To use a basketball analogy, think of a great distance shooter who is in a slump. We so often hear announcers say that the athlete has to make the easy ones. This is true. Layups and free throws re-establish the success template. Those become short jumpers, which become long jumpers and before you know it, a player has his groove back.
A clean sheet was more important than anything today. I would have even taken a 0-0 draw, and been happier than with a 3-1 win, because the team learned today that it can play a whole match and not give up a goal, that their forward-thinking, aggressive play can make the difference in how an opponent can attack our team. Deportivo La Coruna was a gimmie, but an important gimmie because it allows the team to end the match on a mental high. “We won, we felt good again on the pitch and we didn’t concede.”
The opponent doesn’t matter in a team looking to get its groove back, because that team is also looking for signs. Even as people scoff and say “it’s only Depor,” it would have been easy for them to string some passes together, create a threat and score a goal. They did that four times in their house. But the difference in how the team approached this match minimized that possibility. This team, the way that it played today, would have done better in the just-passed Classic than the team that we rolled out there.
The Barça way of playing doesn’t CARE about the opponent. It knows how it wants to play, and believes that as the best team in the world, if it executes its Way properly, it will win that match. That is what happened today.
So what next?
There are people who act as though they don’t want this team to do well. When it was losing, it was “Jordi Roura was in over his head. He really shouldn’t have that job.” Now they have won 2-0 and it’s “It was only Depor. They were supposed to win.” Being 30 points better in the standings than Real Sociedad, we were “supposed” to beat them as well, but that didn’t happen. You aren’t “supposed” to beat anyone, even as you might be “favored” to beat someone. That is how upsets happen, and the Barça of a couple of weeks ago would have been in significantly more danger against this very same opponent than the team we saw today.
Form is temporary, class is permanent. In looking at the two goals and the way that they were scored today are more signs of encouragement, as both were goals that were aggressive and forward. One was the kind of goal you don’t see that much from us, a cross to the noggin of a dynamic player — in this case Sanchez, who seemed to exorcise some demons with that slam of the ball into the net. Simple and effective.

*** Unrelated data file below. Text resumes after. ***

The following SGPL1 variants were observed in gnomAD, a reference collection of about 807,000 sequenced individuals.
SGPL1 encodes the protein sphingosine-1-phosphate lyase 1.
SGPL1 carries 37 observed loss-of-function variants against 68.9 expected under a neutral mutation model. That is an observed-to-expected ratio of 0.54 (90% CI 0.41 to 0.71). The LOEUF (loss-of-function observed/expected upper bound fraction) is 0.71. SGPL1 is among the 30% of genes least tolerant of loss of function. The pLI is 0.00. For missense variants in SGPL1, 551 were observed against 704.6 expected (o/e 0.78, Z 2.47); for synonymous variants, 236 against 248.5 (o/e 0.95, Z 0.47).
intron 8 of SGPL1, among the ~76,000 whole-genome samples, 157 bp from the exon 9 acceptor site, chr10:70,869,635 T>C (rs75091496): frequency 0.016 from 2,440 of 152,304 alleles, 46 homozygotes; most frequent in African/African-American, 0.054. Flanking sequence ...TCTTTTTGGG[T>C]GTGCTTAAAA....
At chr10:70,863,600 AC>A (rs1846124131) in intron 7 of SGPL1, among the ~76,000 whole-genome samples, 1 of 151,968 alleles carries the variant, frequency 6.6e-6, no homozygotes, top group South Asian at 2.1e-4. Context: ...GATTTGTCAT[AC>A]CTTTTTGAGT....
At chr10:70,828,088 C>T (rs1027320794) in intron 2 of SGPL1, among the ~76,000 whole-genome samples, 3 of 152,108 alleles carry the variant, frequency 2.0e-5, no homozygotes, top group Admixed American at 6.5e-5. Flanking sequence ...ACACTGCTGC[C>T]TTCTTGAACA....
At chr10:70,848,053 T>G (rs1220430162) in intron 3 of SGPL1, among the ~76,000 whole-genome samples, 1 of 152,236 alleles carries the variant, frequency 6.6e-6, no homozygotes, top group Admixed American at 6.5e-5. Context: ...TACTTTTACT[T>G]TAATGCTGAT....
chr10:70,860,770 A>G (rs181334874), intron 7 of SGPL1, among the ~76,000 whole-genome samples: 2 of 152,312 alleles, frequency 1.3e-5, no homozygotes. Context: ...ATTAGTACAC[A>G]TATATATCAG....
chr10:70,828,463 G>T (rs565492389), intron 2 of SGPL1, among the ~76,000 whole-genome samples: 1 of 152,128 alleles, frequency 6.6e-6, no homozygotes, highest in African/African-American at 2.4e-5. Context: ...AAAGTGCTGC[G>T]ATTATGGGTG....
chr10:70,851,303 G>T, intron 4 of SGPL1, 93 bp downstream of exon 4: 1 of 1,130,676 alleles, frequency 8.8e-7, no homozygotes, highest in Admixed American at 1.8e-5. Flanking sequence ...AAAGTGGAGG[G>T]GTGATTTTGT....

The second goal was more of a team goal, tika-taka moving forward in one of those mazy, crazy high-wire act goals that we used to score with impunity (yet another good sign). Sanchez fed Messi for a nifty chip that found its way into the net. In weeks past, that same shot might have rolled left or right of the goal, or hit the post. The difference today is that concentration was there.
Big players show up for big matches
The match against AC Milan midweek is HUGE. If Barça fails to advance, that will mean that it didn’t make the quarterfinals of the Champions League, which means millions of Euros off the club’s bottom line, money that the club was counting in its fiscal projections.
But the players aren’t thinking about money, except in as much as they are saying “Hells bells cap’n, if we don’t make the quarterfinals, what happens to my Champions League success contract incentives? I have a new little mouth to feed!”
It also damages a success template that many say is already no more. Barça wins championships. Those same people saying that the club is in crisis, who are somehow forgetting the double-digit leads over the second and third-place teams in La Liga, that teams don’t fear Barça any longer would LOVE for Milan to advance. And players like nothing more than rubbing doubters’ faces in their success.
This is a big match, and we have big players. No, the Copa semi, or the Classic were NOT big matches. Sorry, but they weren’t. Nor was the first leg in Milan, because there is a different mindset in first legs of two-legged ties. Your life isn’t depending on it, assuming you don’t lose 8-0 or something crazy like that.
This return leg is different. There is so much riding on this match that it is impossible for me to imagine that our players won’t be as close to their best as is possible.
Which means what, exactly, against Milan?
Who the hell knows? I’m sticking to my 4-1 prediction, for the record. Why? Because I liked the mental and physical signs that I saw today, of a team ready to find its stride again, that is ready to bust out. I’d be a lot more confident if the match were a week farther along than it is, but you play them as they come.
But another thing is, you look at our lineup, and tell me that group of players, on form, isn’t good enough to put four goals past any side in the world, so I can laugh at you.
I have no idea who we are going to start, or what formation we are going to play, but what I do know is this: If the starting XI shows up with the same focus and concentration as was on exhibit today, the team will advance. No, the football played today wasn’t sparkling, dazzling or anything that will inspire sonnets of praise. Hell, it won’t even inspire the doom-sayers to move away from their comforting narratives, because people want this team to fail. They find comfort in it, the knowledge that beauty can be sullied, yanked away, that success is fleeting. Others are just sick of the club, its success and the reams and reams of effusion.
So those groups will say that Barça had to struggle to beat a doom-bound team 2-0, at home. They will say that this was done poorly, and that was done poorly. They will find every way in which to portray a very positive display as something negative, because of narratives. Snore. Whatever. Wake me when they’re finished, because I have a team to support.